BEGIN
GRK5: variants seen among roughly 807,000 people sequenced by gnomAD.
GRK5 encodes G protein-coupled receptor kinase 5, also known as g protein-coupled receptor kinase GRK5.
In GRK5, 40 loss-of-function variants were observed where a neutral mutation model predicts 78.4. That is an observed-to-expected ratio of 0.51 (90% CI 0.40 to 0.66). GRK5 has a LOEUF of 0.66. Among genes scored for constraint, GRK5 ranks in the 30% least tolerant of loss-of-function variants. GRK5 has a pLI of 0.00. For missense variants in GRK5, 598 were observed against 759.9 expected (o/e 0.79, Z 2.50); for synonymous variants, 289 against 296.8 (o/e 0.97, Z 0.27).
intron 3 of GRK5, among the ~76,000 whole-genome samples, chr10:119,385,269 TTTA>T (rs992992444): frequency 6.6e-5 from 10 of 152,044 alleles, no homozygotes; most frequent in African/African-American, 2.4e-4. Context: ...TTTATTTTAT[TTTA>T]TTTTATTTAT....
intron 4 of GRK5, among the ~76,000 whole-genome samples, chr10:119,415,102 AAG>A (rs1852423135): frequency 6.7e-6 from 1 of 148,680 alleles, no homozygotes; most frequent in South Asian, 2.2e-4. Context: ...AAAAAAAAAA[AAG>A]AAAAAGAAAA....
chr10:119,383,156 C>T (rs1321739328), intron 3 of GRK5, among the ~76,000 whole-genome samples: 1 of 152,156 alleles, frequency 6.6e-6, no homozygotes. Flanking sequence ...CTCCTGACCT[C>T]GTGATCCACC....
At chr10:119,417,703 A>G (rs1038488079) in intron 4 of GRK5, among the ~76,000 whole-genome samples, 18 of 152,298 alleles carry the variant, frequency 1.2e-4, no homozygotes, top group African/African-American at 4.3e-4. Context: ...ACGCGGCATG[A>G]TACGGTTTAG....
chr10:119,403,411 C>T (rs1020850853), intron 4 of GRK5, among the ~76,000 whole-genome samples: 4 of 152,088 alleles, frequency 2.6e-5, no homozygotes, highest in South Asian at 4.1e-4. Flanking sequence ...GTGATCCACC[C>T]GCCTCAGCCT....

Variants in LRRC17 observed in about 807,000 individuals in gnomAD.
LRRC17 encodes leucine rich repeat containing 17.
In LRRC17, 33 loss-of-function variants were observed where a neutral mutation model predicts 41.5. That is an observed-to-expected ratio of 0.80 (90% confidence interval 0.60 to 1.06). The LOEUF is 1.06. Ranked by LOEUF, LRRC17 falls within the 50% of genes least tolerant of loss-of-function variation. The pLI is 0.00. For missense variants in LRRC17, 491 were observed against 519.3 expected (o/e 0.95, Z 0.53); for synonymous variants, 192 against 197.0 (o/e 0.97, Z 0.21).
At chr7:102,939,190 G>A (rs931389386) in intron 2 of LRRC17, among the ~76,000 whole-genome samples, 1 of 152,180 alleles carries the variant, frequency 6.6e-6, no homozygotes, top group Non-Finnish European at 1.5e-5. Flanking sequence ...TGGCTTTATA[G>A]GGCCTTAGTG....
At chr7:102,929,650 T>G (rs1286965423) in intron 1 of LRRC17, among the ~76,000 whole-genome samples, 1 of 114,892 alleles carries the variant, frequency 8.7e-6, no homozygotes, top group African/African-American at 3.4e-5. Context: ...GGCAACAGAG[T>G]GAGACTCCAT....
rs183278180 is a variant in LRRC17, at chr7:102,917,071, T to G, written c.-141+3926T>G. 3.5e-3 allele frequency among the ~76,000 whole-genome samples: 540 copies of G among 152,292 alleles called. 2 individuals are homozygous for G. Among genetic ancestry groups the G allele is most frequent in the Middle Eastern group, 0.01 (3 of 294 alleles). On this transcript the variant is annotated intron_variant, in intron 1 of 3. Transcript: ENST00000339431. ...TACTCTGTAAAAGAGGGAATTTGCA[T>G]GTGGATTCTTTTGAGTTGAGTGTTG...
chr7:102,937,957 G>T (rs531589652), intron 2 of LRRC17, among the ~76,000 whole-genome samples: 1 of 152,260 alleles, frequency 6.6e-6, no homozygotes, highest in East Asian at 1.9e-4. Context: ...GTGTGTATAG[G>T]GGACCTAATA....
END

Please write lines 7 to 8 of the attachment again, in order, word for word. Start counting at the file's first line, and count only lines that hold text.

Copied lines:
At chr10:119,417,703 A>G (rs1038488079) in intron 4 of GRK5, among the ~76,000 whole-genome samples, 18 of 152,298 alleles carry the variant, frequency 1.2e-4, no homozygotes, top group African/African-American at 4.3e-4. Context: ...ACGCGGCATG[A>G]TACGGTTTAG....
chr10:119,403,411 C>T (rs1020850853), intron 4 of GRK5, among the ~76,000 whole-genome samples: 4 of 152,088 alleles, frequency 2.6e-5, no homozygotes, highest in South Asian at 4.1e-4. Flanking sequence ...GTGATCCACC[C>T]GCCTCAGCCT....